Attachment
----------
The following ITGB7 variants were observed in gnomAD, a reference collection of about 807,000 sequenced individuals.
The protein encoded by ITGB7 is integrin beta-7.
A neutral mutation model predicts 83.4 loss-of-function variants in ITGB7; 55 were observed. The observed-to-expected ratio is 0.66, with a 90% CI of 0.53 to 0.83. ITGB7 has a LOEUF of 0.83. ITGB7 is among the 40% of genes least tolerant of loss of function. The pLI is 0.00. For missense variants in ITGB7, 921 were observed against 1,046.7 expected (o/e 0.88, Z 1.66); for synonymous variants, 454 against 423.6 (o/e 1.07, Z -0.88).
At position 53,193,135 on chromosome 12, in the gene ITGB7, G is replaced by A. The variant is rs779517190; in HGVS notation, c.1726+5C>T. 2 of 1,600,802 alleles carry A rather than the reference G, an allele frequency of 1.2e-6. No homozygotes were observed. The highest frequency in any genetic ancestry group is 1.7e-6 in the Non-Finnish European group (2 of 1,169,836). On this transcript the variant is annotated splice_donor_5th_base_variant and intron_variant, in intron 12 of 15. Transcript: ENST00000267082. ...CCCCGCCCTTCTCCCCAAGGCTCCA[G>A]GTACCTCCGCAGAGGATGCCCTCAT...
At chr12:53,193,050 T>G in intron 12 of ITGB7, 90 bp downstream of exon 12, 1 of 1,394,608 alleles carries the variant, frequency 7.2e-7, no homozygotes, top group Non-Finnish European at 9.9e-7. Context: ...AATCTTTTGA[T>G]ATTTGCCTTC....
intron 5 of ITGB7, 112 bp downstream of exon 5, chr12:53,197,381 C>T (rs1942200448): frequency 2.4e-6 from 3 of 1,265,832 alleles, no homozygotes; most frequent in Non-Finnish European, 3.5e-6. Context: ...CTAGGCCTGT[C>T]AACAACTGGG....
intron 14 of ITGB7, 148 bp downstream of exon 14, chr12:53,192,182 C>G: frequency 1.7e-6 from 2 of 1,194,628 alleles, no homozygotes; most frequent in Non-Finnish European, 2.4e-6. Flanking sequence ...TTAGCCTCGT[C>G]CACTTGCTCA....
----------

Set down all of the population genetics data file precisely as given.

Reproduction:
The following ITGB7 variants were observed in gnomAD, a reference collection of about 807,000 sequenced individuals.
The protein encoded by ITGB7 is integrin beta-7.
A neutral mutation model predicts 83.4 loss-of-function variants in ITGB7; 55 were observed. The observed-to-expected ratio is 0.66, with a 90% CI of 0.53 to 0.83. ITGB7 has a LOEUF of 0.83. ITGB7 is among the 40% of genes least tolerant of loss of function. The pLI is 0.00. For missense variants in ITGB7, 921 were observed against 1,046.7 expected (o/e 0.88, Z 1.66); for synonymous variants, 454 against 423.6 (o/e 1.07, Z -0.88).
At position 53,193,135 on chromosome 12, in the gene ITGB7, G is replaced by A. The variant is rs779517190; in HGVS notation, c.1726+5C>T. 2 of 1,600,802 alleles carry A rather than the reference G, an allele frequency of 1.2e-6. No homozygotes were observed. The highest frequency in any genetic ancestry group is 1.7e-6 in the Non-Finnish European group (2 of 1,169,836). On this transcript the variant is annotated splice_donor_5th_base_variant and intron_variant, in intron 12 of 15. Transcript: ENST00000267082. ...CCCCGCCCTTCTCCCCAAGGCTCCA[G>A]GTACCTCCGCAGAGGATGCCCTCAT...
At chr12:53,193,050 T>G in intron 12 of ITGB7, 90 bp downstream of exon 12, 1 of 1,394,608 alleles carries the variant, frequency 7.2e-7, no homozygotes, top group Non-Finnish European at 9.9e-7. Context: ...AATCTTTTGA[T>G]ATTTGCCTTC....
intron 5 of ITGB7, 112 bp downstream of exon 5, chr12:53,197,381 C>T (rs1942200448): frequency 2.4e-6 from 3 of 1,265,832 alleles, no homozygotes; most frequent in Non-Finnish European, 3.5e-6. Context: ...CTAGGCCTGT[C>T]AACAACTGGG....
intron 14 of ITGB7, 148 bp downstream of exon 14, chr12:53,192,182 C>G: frequency 1.7e-6 from 2 of 1,194,628 alleles, no homozygotes; most frequent in Non-Finnish European, 2.4e-6. Flanking sequence ...TTAGCCTCGT[C>G]CACTTGCTCA....